These “little ears” are made by rolling the dough into thin logs, cutting off a chunk with a knife and shaping it by hand—all at an impressively rapid pace.
Bari Vecchia is definitely the most charming part of the city to stay.
We loved our stay at friendly B&B Murex, which has four modern ensuite rooms on the iconic pasta street. Breakfast (including delicious fresh focaccia) is served on the roof terrace.
Another B&B that looks great is La Muraglia, which has lovely apartments with sea views in the old town.
You can find more hotels, B&Bs and apartments in Bari here.
Where to Eat in Bari
Don’t miss the amazing focaccia at Panificio Fiore or Panificio Santa Rita in the old town. It’s perfect for breakfast, a quick snack, or light lunch.
Our favourite place to eat in the evenings is casual Pizzeria di Cosimo for wonderful, inexpensive pizza and panzerotto.
Our meal at La Cecchina was also delicious, especially the antipasti.
Our Bari Italy travel guide has more suggestions.
Polignano a Mare is a spectacularly positioned small town of white and golden buildings perched on a craggy rock overlooking the sea.
The pretty historic centre is a lovely place for a wander or an aperitivo on one of the small piazzas.
Beneath the old town is Cala Porto, a small white pebble beach surrounded by cliffs with clear emerald water.
It’s very photogenic but gets crowded in high season. It’s also known as Lama Monachile for the bridge that you must walk over to reach it.
I enjoyed runs and walks along the coast with many viewpoints on the way to Piazzale Marco Polo.
Polignano is near enough to the Valle d’Itria (30 minutes from Alberobello) to be a good base for exploring the area if you’d prefer to stay by the sea.
Malu B&B is the perfect place to stay in Polignano a Mare. It’s a friendly, family-run B&B with bright, modern rooms and an ideal location just outside the old town with fantastic views from the breakfast terrace and some rooms.
We splurged on the sea view suite and it was worth it.
The statue of Domenico Modugno, the famous singer who was born in Polignano, is just outside the hotel and we were amused to hear people singing Volare below.
If it’s booked up, Lamare Cucine e Dimore is another popular B&B with sea views.
You can find other places to stay in Polignano here.
The most famous restaurant in Polignano is Ristorante Grotta Palazzese which is located inside a cave. You’ll need to book in advance and be prepared to pay a lot—more for the location than the quality of the food.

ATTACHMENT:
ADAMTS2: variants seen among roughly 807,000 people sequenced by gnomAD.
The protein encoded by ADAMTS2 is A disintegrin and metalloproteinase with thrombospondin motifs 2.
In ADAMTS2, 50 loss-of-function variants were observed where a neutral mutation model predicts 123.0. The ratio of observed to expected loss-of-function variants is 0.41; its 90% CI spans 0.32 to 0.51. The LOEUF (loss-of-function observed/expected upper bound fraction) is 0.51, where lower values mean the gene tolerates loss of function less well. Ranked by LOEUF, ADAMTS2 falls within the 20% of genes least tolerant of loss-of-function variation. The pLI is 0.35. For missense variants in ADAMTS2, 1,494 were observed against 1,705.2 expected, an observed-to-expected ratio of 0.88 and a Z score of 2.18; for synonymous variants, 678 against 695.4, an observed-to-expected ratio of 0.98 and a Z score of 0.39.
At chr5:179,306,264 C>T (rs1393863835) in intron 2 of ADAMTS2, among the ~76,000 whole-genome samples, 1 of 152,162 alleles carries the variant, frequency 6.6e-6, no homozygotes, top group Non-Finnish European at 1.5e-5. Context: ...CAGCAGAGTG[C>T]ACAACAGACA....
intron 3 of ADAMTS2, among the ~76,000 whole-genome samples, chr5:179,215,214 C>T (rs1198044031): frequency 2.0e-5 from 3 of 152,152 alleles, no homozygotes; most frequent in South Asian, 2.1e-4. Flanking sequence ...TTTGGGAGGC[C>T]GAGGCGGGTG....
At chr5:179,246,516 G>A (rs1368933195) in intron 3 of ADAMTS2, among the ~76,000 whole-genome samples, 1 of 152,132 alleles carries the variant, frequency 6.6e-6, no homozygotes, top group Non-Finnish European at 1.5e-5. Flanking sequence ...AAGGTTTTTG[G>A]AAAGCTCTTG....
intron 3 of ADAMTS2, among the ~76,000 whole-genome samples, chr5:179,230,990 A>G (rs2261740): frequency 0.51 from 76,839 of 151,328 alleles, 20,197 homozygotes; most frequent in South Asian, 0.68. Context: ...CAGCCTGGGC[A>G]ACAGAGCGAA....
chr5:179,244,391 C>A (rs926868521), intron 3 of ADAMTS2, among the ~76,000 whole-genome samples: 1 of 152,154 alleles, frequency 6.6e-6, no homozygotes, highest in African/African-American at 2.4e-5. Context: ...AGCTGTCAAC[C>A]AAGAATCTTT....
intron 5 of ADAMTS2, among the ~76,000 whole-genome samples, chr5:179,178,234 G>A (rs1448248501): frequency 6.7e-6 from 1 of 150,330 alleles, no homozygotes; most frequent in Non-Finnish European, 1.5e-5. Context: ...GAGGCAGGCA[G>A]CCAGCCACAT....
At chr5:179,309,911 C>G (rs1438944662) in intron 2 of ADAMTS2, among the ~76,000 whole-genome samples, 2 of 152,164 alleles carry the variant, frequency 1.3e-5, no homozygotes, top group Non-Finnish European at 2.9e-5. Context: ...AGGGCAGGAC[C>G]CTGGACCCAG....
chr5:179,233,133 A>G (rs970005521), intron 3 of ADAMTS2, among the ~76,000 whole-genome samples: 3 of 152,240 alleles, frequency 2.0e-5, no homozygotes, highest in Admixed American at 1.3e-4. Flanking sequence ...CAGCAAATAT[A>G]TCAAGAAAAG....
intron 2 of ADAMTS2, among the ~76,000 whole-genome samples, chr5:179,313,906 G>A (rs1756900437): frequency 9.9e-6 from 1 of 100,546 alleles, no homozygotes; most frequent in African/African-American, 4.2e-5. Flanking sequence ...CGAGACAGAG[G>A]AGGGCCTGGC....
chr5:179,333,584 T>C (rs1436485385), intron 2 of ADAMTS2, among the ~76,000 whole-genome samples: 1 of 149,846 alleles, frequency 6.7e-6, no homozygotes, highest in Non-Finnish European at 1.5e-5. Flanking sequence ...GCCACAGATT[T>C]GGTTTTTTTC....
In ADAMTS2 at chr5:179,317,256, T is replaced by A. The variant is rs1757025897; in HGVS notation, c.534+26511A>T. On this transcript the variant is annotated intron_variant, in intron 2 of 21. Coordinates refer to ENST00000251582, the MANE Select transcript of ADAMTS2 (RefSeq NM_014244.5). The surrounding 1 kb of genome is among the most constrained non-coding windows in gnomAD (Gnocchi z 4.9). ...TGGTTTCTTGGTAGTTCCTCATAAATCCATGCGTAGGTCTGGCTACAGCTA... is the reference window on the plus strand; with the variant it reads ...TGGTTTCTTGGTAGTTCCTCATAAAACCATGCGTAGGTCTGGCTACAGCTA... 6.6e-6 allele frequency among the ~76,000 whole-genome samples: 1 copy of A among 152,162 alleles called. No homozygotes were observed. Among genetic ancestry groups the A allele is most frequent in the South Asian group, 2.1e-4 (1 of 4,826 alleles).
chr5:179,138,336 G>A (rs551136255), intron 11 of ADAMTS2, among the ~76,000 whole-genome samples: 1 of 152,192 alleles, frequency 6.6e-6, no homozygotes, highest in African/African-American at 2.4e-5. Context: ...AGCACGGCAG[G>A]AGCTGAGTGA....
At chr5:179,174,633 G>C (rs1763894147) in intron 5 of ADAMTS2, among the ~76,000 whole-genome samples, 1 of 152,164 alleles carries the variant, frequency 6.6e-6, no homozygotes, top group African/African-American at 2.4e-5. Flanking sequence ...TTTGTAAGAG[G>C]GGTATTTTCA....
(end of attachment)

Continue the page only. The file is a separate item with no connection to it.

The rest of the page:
Most restaurants focus on seafood so vegetarian options are limited.
We ended up taking a break from Italian at Mint Cucina Fresca, a five-table restaurant in a cave-like room with a vaulted stone ceiling and quirky decor. Their focus is on creative, healthy dishes using local produce.
For a takeaway lunch on the beach, La Rotellina sells the Puglian snack panzerotti, fried dough stuffed with a variety of fillings.
Don’t miss a scoop of gelato at Gusto Caruso—they make excellent classics like pistachio as well as more unusual flavours like a tasty ricotta toffee.
Super Mago del Gelo is famous for its Caffè Speciale, an espresso shot with cream, amaretto and lemon peel. It was delicious even for a non-coffee drinker.
Monopoli is another pretty coastal town 15 minutes from Polignano.
The historic centre features a maze of narrow streets, a grand basilica, and a castle overlooking a picturesque fishing port of bright blue boats.
Monopoli also has a small sandy beach with appealing clear water.
Where to Stay in Monopoli
We visited Monopoli while staying in Polignano, but next time I want to stay at Hotel Don Ferrante in the old fortress. The charming boutique hotel has stylish rooms, sea views, and even a small pool.
Where to Eat in Monopoli
Seafood dominates on the coast, so as vegetarians, we had lunch at Vini e Panini on Piazza Giuseppe Garibaldi.
As the name suggests, they focus on wine and sandwiches, although they also serve platters and salads. It’s ideal for a light meal, and they even have a vegan menu.
North of Bari, the seaside town of Trani is often overlooked, but it has a beautiful harbour and a cathedral overlooking the sea.
It’s a good place to break up a journey between the Valle d’Itria and the Gargano or to visit the 13th-century Castel del Monte (40 minutes inland) with its unique octagonal shape.
The Valle d’Itria is a rustic valley of olive trees, vineyards, and hill towns.
It’s one of the most popular destinations in Puglia and is known for its iconic trulli, circular stone huts found dotted around the countryside.
If you only have time for one area in Puglia, this is the one I recommend.
It can easily be reached from Bari or Brindisi airports. Most of the towns here are tiny, and the distances between them aren’t long.
Choose one base (I like staying in the countryside) and take day trips to the other towns. You could manage two or three in one day if time is limited.
Ostuni is a maze-like white city on a hilltop 8km from the Adriatic Sea where you’ll find long sandy beaches.
It’s one of the best towns in Puglia to get lost wandering the alleys, climbing staircases, and dipping under archways.
I also love browsing the stalls of local fruit and vegetables at the Saturday market.
Ostuni is one of the most touristy towns in Puglia, but you won’t want to miss it—just head down a side street to avoid the crowds and souvenir shops.